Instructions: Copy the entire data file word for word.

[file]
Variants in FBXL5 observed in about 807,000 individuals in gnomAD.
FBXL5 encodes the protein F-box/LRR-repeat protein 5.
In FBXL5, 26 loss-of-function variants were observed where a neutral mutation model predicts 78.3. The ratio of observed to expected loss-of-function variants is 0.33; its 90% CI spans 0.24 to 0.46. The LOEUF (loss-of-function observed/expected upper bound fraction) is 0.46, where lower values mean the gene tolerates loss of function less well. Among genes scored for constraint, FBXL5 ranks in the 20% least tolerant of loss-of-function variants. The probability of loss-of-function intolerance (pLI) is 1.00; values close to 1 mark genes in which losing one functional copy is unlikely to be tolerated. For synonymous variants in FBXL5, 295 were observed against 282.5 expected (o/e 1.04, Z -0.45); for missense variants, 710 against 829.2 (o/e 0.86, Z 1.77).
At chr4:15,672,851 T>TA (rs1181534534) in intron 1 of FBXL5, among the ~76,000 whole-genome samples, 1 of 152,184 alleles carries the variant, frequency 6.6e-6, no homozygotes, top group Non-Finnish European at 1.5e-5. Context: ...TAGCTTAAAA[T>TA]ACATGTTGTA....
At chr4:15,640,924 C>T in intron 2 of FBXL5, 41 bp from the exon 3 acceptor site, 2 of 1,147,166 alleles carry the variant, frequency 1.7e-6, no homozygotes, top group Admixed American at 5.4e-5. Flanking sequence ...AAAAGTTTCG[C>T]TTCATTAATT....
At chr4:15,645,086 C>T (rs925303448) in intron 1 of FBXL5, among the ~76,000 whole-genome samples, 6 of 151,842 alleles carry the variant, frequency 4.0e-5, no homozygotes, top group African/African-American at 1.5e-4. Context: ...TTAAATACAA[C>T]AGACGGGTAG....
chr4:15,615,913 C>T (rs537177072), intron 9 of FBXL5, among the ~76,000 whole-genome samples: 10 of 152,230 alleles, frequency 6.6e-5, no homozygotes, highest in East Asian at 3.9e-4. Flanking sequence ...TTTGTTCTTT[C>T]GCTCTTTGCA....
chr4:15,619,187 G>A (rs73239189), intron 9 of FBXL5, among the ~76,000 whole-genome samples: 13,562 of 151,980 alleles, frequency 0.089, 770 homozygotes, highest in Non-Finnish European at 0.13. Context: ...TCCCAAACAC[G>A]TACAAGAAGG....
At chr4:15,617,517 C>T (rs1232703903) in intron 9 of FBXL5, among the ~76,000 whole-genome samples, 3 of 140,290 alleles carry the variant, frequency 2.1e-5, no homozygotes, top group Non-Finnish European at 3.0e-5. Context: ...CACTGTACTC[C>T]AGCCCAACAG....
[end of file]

Variants in FBXL5 observed in about 807,000 individuals in gnomAD.
FBXL5 encodes the protein F-box/LRR-repeat protein 5.
In FBXL5, 26 loss-of-function variants were observed where a neutral mutation model predicts 78.3. The ratio of observed to expected loss-of-function variants is 0.33; its 90% CI spans 0.24 to 0.46. The LOEUF (loss-of-function observed/expected upper bound fraction) is 0.46, where lower values mean the gene tolerates loss of function less well. Among genes scored for constraint, FBXL5 ranks in the 20% least tolerant of loss-of-function variants. The probability of loss-of-function intolerance (pLI) is 1.00; values close to 1 mark genes in which losing one functional copy is unlikely to be tolerated. For synonymous variants in FBXL5, 295 were observed against 282.5 expected (o/e 1.04, Z -0.45); for missense variants, 710 against 829.2 (o/e 0.86, Z 1.77).
At chr4:15,672,851 T>TA (rs1181534534) in intron 1 of FBXL5, among the ~76,000 whole-genome samples, 1 of 152,184 alleles carries the variant, frequency 6.6e-6, no homozygotes, top group Non-Finnish European at 1.5e-5. Context: ...TAGCTTAAAA[T>TA]ACATGTTGTA....
At chr4:15,640,924 C>T in intron 2 of FBXL5, 41 bp from the exon 3 acceptor site, 2 of 1,147,166 alleles carry the variant, frequency 1.7e-6, no homozygotes, top group Admixed American at 5.4e-5. Flanking sequence ...AAAAGTTTCG[C>T]TTCATTAATT....
At chr4:15,645,086 C>T (rs925303448) in intron 1 of FBXL5, among the ~76,000 whole-genome samples, 6 of 151,842 alleles carry the variant, frequency 4.0e-5, no homozygotes, top group African/African-American at 1.5e-4. Context: ...TTAAATACAA[C>T]AGACGGGTAG....
chr4:15,615,913 C>T (rs537177072), intron 9 of FBXL5, among the ~76,000 whole-genome samples: 10 of 152,230 alleles, frequency 6.6e-5, no homozygotes, highest in East Asian at 3.9e-4. Flanking sequence ...TTTGTTCTTT[C>T]GCTCTTTGCA....
chr4:15,619,187 G>A (rs73239189), intron 9 of FBXL5, among the ~76,000 whole-genome samples: 13,562 of 151,980 alleles, frequency 0.089, 770 homozygotes, highest in Non-Finnish European at 0.13. Context: ...TCCCAAACAC[G>A]TACAAGAAGG....
At chr4:15,617,517 C>T (rs1232703903) in intron 9 of FBXL5, among the ~76,000 whole-genome samples, 3 of 140,290 alleles carry the variant, frequency 2.1e-5, no homozygotes, top group Non-Finnish European at 3.0e-5. Context: ...CACTGTACTC[C>T]AGCCCAACAG....